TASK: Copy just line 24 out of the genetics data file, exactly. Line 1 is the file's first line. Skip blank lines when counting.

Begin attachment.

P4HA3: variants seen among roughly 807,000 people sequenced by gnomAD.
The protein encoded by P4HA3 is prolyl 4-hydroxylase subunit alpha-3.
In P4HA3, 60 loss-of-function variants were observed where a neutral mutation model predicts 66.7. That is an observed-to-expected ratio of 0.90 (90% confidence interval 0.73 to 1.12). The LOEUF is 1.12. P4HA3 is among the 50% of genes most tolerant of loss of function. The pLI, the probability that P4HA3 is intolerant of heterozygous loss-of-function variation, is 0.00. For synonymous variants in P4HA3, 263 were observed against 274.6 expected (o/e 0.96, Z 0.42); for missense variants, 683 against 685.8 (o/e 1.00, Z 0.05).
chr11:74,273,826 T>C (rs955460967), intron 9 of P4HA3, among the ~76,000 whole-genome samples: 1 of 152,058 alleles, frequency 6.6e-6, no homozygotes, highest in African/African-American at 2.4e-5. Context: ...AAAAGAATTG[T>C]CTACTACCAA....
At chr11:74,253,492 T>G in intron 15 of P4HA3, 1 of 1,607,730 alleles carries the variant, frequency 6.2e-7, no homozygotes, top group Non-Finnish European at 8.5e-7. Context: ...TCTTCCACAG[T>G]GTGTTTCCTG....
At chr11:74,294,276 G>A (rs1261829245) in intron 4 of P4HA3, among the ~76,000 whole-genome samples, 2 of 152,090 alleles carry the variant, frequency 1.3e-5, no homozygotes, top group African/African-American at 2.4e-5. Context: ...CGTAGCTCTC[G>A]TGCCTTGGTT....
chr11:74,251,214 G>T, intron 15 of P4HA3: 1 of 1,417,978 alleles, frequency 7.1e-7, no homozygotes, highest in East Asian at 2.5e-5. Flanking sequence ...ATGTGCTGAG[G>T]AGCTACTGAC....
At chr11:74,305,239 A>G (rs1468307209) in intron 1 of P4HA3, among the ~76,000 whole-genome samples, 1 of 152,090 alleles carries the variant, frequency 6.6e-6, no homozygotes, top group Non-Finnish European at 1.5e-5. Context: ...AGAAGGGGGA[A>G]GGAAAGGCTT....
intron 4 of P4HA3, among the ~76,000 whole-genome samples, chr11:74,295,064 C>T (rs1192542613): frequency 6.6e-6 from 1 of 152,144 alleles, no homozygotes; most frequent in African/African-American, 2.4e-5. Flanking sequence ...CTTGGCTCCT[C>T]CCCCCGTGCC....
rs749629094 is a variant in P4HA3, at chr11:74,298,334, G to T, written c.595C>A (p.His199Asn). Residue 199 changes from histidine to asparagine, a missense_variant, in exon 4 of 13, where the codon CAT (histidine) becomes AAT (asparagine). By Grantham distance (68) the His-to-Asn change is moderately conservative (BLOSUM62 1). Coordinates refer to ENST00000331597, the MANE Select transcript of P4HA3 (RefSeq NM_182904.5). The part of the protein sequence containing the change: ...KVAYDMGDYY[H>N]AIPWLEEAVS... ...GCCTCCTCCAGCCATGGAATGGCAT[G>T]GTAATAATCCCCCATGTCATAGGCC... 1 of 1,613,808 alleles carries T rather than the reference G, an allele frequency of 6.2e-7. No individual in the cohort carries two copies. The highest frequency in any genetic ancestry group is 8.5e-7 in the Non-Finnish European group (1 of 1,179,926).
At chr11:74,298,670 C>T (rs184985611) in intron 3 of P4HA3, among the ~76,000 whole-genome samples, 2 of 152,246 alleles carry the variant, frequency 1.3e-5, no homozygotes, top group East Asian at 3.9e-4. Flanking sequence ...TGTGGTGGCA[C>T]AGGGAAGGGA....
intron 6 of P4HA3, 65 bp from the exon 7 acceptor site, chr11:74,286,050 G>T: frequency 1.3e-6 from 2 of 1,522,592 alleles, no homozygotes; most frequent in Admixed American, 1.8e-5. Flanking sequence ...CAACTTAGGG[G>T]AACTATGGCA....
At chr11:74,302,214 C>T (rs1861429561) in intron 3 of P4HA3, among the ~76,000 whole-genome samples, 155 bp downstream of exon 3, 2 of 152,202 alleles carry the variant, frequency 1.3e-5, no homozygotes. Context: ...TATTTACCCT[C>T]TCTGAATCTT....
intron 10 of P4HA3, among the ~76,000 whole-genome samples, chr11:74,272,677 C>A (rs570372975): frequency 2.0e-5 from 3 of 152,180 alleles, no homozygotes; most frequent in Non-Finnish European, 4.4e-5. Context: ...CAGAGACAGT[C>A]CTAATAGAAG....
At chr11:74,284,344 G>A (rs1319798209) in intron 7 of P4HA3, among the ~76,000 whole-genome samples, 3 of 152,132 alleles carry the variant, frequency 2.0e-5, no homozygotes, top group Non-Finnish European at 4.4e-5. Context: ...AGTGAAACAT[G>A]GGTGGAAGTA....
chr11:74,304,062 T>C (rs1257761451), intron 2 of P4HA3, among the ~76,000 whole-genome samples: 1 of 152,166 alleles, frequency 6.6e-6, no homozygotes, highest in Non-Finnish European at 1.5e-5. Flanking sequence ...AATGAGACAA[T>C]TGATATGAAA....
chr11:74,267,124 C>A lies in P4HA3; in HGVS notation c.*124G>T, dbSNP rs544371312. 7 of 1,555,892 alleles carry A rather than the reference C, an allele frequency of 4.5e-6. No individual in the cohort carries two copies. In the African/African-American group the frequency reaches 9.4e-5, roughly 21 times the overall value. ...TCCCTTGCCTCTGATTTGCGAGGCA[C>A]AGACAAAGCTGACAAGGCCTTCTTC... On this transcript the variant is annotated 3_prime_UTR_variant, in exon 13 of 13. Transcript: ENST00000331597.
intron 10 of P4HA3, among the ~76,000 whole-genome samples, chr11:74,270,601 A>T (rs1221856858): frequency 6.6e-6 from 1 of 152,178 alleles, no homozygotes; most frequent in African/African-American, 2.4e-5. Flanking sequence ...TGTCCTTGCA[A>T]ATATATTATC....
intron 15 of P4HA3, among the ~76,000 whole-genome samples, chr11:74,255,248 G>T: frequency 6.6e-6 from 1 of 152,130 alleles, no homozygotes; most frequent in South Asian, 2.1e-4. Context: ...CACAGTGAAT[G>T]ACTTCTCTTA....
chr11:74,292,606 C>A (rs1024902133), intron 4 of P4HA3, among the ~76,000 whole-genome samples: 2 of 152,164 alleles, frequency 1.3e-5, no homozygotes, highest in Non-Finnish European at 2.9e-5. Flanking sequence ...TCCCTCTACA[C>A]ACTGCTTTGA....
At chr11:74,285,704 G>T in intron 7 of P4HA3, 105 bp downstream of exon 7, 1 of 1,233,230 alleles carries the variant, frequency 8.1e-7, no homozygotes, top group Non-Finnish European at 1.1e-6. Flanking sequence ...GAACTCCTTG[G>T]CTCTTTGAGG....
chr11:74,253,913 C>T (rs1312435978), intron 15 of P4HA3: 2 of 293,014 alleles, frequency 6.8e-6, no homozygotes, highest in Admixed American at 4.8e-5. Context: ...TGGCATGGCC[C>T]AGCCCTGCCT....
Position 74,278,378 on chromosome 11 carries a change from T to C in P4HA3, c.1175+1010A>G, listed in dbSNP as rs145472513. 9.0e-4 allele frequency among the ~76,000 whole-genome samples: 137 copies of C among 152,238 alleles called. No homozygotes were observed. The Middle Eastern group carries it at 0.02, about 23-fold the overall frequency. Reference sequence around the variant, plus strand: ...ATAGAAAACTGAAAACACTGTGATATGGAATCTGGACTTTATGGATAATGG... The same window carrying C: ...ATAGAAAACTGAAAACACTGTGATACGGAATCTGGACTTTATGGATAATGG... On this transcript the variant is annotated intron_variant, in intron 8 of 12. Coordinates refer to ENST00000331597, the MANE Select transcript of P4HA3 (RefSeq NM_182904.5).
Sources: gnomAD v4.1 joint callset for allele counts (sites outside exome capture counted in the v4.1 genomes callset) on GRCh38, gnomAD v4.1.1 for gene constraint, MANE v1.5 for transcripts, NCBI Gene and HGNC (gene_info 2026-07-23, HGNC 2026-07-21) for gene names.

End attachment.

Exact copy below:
Sources: gnomAD v4.1 joint callset for allele counts (sites outside exome capture counted in the v4.1 genomes callset) on GRCh38, gnomAD v4.1.1 for gene constraint, MANE v1.5 for transcripts, NCBI Gene and HGNC (gene_info 2026-07-23, HGNC 2026-07-21) for gene names.